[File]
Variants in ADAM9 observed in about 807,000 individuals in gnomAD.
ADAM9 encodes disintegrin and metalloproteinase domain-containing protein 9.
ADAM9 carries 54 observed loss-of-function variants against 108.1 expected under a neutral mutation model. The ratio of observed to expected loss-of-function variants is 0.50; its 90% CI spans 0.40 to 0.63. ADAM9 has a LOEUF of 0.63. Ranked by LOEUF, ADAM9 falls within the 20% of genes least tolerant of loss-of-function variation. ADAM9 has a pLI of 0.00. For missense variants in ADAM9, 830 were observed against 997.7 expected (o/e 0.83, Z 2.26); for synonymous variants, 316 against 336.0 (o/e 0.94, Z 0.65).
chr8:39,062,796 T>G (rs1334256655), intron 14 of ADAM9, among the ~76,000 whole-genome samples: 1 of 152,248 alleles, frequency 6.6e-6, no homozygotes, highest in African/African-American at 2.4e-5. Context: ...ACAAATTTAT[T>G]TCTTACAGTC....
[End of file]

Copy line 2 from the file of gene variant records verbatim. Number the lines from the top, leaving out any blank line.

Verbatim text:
ADAM9 encodes disintegrin and metalloproteinase domain-containing protein 9.